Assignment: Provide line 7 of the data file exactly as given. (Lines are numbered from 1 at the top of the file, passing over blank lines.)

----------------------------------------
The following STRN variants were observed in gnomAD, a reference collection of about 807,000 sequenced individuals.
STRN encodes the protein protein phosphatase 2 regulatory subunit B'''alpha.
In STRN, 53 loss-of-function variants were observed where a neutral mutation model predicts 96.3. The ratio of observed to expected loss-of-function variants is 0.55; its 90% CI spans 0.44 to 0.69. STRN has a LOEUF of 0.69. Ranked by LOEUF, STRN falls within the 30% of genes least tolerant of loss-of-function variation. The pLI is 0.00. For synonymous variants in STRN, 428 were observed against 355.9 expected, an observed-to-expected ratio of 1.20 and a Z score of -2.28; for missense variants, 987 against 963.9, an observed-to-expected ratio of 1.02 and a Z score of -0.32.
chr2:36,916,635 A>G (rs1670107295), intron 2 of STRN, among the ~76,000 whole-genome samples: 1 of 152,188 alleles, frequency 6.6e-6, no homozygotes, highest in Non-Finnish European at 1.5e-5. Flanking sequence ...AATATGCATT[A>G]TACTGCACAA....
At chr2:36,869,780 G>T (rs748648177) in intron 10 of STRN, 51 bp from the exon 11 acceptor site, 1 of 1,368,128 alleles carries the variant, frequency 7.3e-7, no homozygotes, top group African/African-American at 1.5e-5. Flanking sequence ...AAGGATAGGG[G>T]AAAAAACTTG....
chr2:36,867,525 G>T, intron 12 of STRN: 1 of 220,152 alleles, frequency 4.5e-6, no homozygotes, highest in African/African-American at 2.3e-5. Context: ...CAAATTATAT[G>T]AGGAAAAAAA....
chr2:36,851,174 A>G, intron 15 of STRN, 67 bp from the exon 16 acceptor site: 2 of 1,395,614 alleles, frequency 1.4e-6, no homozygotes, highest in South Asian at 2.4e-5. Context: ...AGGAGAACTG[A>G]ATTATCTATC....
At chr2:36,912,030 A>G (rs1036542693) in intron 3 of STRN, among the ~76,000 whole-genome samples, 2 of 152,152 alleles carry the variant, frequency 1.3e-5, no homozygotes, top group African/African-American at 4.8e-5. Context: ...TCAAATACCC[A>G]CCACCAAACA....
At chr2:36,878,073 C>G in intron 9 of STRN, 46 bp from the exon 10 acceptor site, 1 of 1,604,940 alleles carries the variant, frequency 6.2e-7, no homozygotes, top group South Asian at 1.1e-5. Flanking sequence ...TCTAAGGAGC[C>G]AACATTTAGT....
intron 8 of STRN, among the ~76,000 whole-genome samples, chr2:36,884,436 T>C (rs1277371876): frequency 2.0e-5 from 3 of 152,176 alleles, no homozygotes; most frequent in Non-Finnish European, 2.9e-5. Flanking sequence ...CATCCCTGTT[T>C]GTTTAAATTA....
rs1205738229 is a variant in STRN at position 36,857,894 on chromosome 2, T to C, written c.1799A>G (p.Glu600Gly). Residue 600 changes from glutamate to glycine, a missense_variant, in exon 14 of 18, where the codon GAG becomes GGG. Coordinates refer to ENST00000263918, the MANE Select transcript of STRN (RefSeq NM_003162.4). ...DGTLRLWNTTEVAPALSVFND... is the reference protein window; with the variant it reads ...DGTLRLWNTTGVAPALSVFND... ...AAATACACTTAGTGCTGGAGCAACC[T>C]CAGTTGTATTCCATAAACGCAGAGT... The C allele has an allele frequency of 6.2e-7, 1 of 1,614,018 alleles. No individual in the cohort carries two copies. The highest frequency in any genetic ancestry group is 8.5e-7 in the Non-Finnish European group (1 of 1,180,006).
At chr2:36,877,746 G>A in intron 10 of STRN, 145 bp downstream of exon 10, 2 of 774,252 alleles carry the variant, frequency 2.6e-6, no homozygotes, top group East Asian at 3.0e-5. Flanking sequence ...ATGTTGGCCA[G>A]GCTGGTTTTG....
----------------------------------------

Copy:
chr2:36,851,174 A>G, intron 15 of STRN, 67 bp from the exon 16 acceptor site: 2 of 1,395,614 alleles, frequency 1.4e-6, no homozygotes, highest in South Asian at 2.4e-5. Context: ...AGGAGAACTG[A>G]ATTATCTATC....